The Autumn package represents the beginning of the 2019 European Semester cycle of economic and social policy coordination. It includes the 2019 Annual Growth Survey, the 2019 Alert Mechanism Report and the 2019 draft Joint Employment Report.
Launch in Brussels by commissioner Tibor Navracsics.
The ET Monitor is a flagship publication for the European Commission. This year is the 7th edition. The topic for this year is citizenship Education.
Since the start of the Juncker Commission, the annual Work Programmes have been focused on a limited number of key initiatives, where EU added value is clear. With all legislative proposals already tabled to deliver on the ten priorities of the Juncker Commission, the priority for the year ahead will be to turn them into legislation and then to implement them effectively.
The Council adopted conclusions on moving towards a vision of a European Education Area (EEA) . The conclusions highlight the crucial role of education and culture in bringing Europeans together and for the future of the EU. The conclusions invite member states to cooperate and to continue reflecting on a shared vision of an EEA, including its possible goals, objectives and scope, and its links with the post-2020 strategic framework for cooperation in education and training. Special emphasis is placed on: Erasmus +, digital skills and education, higher education, high quality and inclusive education, involvement of new stakeholders including disadvantaged groups, language learning and the recognition of qualifications.
The Council adopted its conclusions on the same day that the European Commission adopted a new package of measures aiming to bolster the implementation of the EEA by 2025.
The new initiatives aim to enhance learning mobility and educational opportunities in the EU, empower young people, in particular by encouraging them to participate in civic and democratic life, and harness the potential of culture for social progress and economic growth in Europe.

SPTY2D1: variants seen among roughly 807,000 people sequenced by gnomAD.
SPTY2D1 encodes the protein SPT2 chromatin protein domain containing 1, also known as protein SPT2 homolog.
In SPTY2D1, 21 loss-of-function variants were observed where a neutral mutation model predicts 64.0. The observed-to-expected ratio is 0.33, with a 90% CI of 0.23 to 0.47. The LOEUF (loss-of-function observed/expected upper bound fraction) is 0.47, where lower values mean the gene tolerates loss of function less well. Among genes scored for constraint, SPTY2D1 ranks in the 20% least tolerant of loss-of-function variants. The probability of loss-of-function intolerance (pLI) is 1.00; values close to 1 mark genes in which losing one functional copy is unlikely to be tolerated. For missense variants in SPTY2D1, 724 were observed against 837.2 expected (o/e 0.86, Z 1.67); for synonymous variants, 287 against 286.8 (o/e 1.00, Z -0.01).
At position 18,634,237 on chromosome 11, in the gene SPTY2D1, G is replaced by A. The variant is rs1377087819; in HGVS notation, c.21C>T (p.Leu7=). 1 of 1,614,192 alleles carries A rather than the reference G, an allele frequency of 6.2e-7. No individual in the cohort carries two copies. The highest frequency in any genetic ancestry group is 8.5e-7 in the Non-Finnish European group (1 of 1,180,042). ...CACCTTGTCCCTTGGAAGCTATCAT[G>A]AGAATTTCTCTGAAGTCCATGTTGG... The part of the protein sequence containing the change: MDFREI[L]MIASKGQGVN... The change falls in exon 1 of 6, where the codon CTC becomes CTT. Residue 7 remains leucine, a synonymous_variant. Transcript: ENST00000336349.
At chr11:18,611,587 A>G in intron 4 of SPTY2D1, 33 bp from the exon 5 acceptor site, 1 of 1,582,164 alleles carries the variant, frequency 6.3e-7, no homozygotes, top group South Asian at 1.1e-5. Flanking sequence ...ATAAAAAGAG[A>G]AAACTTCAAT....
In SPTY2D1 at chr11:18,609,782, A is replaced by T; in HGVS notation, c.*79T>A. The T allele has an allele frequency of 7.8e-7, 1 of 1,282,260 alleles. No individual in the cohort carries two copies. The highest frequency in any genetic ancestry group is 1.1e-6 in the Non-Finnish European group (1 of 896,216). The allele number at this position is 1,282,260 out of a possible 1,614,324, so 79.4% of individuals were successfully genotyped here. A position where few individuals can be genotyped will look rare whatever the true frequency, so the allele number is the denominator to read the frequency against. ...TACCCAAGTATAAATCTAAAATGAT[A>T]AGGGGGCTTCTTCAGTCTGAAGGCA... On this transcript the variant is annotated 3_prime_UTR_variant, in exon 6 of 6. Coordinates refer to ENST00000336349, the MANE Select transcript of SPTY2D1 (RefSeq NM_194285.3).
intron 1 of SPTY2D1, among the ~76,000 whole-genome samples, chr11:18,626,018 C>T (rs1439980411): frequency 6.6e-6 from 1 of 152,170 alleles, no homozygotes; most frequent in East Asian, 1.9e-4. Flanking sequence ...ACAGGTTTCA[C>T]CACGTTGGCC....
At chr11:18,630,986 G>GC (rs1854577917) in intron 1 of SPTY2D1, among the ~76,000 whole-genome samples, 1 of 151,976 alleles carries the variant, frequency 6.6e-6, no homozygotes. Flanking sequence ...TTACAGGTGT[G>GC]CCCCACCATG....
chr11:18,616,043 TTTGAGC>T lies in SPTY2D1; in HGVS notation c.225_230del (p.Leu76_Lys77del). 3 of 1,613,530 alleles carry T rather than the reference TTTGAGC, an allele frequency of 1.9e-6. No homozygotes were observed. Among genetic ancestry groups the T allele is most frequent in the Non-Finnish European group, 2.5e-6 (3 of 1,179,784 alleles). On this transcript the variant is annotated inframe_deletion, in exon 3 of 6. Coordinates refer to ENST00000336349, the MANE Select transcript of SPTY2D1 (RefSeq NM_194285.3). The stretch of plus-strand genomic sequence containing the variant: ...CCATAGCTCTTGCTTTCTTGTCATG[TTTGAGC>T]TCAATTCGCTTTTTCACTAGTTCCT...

More attention needs to be devoted to education, training, youth and culture at the EU level to enable young people to reach their full potential. Investing in skills, competences and knowledge drives innovation, competitiveness and resilience. The initiatives presented today will help give young people of all backgrounds more promising prospects and help them take a more active role in society.
The recommendation recognises the need to promote a European dimension of teaching in order to increase understanding of the common European heritage and awareness of the cultural and social diversity of the EU and its member states. The recommendation also highlights the importance of inclusive education in all learning environments, including all levels and types of education and training in a lifelong perspective.
The Education Council adopted a recommendation on key competences for lifelong learning, the aim of which is to update the current recommendation from 2006 and take account of changes such as digitisation and constantly evolving labour markets.
Following Göteborg, the European Commission has agreed on new initiatives to improve key competences and digital skills of European citizens, to promote common values and pupils' awareness of the functioning of the European Union.
The new proposals also fed into the first European Education Summit which Commissioner Navracsics hosted in Brussels on 25 January with the theme of ‘Laying the foundations of the European Education Area: for an innovative, inclusive and values based education’.
The three initiatives proposed by the Commission are:
- A Council Recommendation on Key Competences for Lifelong Learning
- A Digital Education Action Plan
- A Council Recommendation on common values, inclusive education and the European dimension of teaching